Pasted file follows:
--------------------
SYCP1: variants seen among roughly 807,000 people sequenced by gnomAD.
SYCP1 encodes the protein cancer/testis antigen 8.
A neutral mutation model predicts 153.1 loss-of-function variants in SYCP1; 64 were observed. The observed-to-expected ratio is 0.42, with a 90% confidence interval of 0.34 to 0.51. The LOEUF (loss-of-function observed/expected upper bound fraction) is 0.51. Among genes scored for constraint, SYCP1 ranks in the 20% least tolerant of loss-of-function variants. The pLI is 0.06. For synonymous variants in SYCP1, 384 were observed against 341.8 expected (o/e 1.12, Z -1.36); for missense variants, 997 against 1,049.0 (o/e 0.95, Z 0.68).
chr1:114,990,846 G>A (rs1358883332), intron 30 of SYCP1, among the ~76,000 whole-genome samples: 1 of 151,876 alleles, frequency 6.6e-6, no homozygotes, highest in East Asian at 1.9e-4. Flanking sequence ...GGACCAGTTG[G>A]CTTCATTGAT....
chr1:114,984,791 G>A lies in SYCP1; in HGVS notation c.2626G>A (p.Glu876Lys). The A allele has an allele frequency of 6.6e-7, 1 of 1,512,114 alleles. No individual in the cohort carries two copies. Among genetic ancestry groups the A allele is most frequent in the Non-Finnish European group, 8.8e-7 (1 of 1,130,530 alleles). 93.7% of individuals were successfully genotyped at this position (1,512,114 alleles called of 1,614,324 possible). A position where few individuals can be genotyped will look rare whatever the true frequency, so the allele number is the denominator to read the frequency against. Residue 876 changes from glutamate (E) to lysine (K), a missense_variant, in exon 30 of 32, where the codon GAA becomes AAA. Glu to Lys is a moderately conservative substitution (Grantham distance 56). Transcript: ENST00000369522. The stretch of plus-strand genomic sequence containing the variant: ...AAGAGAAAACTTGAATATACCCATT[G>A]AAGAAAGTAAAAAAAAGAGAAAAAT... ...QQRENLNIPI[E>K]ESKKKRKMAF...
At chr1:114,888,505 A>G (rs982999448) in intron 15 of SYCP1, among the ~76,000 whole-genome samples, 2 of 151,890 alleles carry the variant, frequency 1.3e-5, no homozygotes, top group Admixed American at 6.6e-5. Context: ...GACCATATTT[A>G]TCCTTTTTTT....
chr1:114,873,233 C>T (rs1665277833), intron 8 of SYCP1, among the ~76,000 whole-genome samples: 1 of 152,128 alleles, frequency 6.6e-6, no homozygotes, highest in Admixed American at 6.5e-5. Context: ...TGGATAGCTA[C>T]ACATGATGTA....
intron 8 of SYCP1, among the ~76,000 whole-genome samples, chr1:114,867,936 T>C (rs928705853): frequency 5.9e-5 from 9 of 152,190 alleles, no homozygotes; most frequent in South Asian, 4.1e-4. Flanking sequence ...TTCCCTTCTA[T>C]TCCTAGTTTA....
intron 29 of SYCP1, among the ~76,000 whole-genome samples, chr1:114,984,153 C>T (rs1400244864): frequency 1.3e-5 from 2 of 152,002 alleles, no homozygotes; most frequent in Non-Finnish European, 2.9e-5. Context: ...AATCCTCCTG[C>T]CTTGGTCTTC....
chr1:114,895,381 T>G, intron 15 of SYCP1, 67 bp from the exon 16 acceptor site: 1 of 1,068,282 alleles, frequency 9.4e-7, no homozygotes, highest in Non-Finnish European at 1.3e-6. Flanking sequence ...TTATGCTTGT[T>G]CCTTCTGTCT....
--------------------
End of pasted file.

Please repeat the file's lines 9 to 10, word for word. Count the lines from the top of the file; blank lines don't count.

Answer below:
intron 29 of SYCP1, among the ~76,000 whole-genome samples, chr1:114,984,153 C>T (rs1400244864): frequency 1.3e-5 from 2 of 152,002 alleles, no homozygotes; most frequent in Non-Finnish European, 2.9e-5. Context: ...AATCCTCCTG[C>T]CTTGGTCTTC....
chr1:114,895,381 T>G, intron 15 of SYCP1, 67 bp from the exon 16 acceptor site: 1 of 1,068,282 alleles, frequency 9.4e-7, no homozygotes, highest in Non-Finnish European at 1.3e-6. Flanking sequence ...TTATGCTTGT[T>G]CCTTCTGTCT....